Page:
Mark joined us for a recent KaiNexus user group in Austin to share with the audience his thoughts on why being right isn’t always the best strategy for change. This post is a recap of the presentation, but we promise its worth your time to watch the whole thing.
May 10, 2019 7:42:00 AM
The Kaizen process is a brilliantly simple approach to business operations. Kaizen is a Japanese word that means “good change.” The methodology is credited with helping the Japanese auto industry recover and outpace the competition following World War II. Organizations that embrace it can reduce errors and defects, speed up production, deliver more customer value, and improve employee satisfaction.
When the Kaizen process is implemented, every person in the organization has a role to play. Before we describe them, let’s revisit the philosophy of Kaizen.
Feb 21, 2019 8:42:00 AM
Standard work is the documented and current best way to do a particular task, procedure or process. Workers develop the standard and follow it until an improvement process results in a new standard. Standard work ensures that results are consistent and forms the foundation upon which improvements are made. Leader standard work applies this same concept to the task of driving Lean thinking and behavior throughout the organization.
Many organizations have little in the way of documented best practices for leaders. Supervisors, managers, and directors are left with only their job description to guide their daily activities. Given this reality, it's not surprising that many fail to start, spread, and sustain the continuous improvement mindset.
The alternative is leader standard work which is a set of actions, tools, and behaviors that are incorporated into the daily activities of leaders at all levels. Like the standard work for any process, leader standard work must be documented, practiced consistently, and changed only with reflection and experimentation.
Although the specifics of leader standard work vary across organizations, some practices are universally useful and commonly included.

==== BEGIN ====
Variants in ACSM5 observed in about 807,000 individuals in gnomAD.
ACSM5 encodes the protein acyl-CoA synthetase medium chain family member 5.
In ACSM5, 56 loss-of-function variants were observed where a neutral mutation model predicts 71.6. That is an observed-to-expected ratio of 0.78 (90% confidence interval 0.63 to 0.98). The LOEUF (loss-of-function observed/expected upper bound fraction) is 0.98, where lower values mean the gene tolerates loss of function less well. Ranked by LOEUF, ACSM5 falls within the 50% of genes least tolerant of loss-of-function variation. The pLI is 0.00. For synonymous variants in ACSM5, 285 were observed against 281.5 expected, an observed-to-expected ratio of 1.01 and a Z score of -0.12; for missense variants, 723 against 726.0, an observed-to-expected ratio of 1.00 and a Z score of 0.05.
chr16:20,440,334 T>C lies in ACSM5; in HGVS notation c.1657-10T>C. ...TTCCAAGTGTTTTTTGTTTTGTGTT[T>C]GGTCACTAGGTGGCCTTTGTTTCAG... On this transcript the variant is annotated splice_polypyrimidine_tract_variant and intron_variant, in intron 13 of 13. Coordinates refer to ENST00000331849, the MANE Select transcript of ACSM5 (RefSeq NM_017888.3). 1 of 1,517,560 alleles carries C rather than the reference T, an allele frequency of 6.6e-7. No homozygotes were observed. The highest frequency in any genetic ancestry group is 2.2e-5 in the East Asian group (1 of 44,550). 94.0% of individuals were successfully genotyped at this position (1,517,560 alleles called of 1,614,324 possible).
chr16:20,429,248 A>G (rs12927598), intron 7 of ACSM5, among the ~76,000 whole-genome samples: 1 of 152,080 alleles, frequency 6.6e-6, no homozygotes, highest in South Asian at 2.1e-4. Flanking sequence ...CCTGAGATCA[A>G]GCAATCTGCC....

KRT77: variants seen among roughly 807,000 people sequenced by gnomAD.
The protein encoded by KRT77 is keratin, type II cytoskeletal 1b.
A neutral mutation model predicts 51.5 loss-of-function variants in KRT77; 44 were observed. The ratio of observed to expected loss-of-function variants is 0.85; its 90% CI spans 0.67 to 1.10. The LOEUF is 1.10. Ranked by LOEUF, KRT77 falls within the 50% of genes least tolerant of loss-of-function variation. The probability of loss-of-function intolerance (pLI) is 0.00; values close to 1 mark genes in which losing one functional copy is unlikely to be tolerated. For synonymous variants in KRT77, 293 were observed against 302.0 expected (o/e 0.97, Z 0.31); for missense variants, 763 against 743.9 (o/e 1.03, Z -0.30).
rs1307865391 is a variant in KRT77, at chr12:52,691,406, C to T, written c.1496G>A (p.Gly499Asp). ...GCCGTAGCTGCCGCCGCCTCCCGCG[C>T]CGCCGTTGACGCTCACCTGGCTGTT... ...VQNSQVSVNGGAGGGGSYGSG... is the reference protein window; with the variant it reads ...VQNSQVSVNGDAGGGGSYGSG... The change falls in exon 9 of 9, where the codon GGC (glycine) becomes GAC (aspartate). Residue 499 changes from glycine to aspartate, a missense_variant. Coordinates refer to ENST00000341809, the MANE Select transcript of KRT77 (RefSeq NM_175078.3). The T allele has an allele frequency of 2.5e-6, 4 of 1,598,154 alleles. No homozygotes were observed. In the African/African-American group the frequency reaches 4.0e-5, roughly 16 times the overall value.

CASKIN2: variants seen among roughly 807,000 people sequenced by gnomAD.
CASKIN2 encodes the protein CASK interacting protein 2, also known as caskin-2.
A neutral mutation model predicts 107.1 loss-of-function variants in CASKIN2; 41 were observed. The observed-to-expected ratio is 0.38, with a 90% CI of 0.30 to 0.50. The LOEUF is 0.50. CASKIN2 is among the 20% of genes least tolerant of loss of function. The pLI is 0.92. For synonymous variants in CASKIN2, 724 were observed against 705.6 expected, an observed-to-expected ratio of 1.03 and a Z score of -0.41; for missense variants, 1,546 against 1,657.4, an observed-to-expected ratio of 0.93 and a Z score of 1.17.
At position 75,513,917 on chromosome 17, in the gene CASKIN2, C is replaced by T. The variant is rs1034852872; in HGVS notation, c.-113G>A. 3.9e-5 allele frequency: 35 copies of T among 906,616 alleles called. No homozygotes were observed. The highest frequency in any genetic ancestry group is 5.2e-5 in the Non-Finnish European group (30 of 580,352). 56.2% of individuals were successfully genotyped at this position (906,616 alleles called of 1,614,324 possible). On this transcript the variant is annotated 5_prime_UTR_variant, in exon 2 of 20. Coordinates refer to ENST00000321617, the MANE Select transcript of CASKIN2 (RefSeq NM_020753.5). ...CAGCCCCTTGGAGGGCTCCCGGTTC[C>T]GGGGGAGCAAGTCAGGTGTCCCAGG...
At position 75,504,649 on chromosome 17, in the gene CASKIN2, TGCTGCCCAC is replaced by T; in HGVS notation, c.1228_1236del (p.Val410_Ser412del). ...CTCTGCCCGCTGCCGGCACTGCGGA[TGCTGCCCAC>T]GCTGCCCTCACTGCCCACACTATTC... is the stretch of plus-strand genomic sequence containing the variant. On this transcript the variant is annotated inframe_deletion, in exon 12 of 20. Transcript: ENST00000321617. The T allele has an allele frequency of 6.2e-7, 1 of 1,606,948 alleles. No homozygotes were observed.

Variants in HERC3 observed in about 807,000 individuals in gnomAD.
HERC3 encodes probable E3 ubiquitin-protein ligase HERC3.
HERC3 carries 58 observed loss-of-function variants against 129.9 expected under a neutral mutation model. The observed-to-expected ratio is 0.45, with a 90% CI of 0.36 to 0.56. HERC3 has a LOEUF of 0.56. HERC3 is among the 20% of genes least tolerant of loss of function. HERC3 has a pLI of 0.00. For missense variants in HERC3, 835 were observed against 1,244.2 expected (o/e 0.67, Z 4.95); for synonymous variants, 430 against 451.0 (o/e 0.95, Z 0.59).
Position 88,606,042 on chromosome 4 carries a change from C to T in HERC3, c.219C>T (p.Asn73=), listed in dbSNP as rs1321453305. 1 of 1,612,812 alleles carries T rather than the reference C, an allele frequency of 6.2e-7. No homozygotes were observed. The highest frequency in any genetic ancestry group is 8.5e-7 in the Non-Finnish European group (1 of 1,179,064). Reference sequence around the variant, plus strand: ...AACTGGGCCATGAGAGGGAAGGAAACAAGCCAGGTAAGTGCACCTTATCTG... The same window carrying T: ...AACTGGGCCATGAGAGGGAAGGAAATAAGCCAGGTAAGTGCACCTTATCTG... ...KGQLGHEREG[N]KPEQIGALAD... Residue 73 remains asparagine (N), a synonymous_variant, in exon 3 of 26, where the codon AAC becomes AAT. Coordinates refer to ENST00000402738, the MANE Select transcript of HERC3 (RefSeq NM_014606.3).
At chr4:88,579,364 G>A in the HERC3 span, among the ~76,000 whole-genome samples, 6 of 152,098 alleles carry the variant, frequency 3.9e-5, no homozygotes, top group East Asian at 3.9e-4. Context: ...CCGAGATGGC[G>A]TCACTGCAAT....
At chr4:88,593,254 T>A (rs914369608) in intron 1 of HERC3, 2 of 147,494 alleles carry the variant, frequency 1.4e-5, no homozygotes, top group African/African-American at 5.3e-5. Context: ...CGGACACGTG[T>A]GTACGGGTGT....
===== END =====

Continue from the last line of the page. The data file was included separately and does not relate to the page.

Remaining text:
Sep 19, 2018 9:45:00 AM
It’s 2018, and if you haven’t heard, there’s an app for that. We use software to manage almost every aspect of business today from HR to accounting. You’ve got systems for inventory management, sales performance, customer communications, social media monitoring, and even conference room scheduling.
That’s why we are not surprised that more and more organizations are implementing Lean software to support their critical objectives of increasing customer value and reducing waste.
Not only does Lean software make your team more productive at continuous improvement, but it also increases your strength as a Lean leader. Here’s how.
Nov 17, 2017 3:51:34 PM
We spend a lot of time in this blog focused on the “what” and “why” of Lean and continuous improvement. Today, we thought it would be interesting to take a look at some of the “who" (and we don't mean the classic band).
The term Lean was first coined by John Krafcik in his 1988 Sloan Management Review article “Triumph of the Lean Production System.” The approach gained traction after the publication of The Machine That Changed the World, by James Womack, Daniel Jones, and Daniel Roos in 1990.
The term Lean manufacturing may be less than 30 years old, but the thinking that inspired it has been around since the pre-industrial age. The leaders who developed this approach understood the need for continuous improvement and empowered employees. They learned from each other, eventually building our modern approach to business process improvement and management. Here’s some background on a few of the most important contributors to Lean leadership.
Mar 10, 2017 1:03:59 PM
On March 28, KaiNexus will be hosting a webinar with Karyn Ross, who recently published the Shingo Award-winning book The Toyota Way to Service Excellence: Lean Transformation in Service Organizations, which she co-wrote with Jeff Liker. Ross is a purpose-driven consultant and Lean coach, and will be speaking to our own Mark Graban about how to coach for creativity and service excellence. Graban just had a conversation with Ross about what webinar viewers can expect to learn in the webinar, which you can listen to here: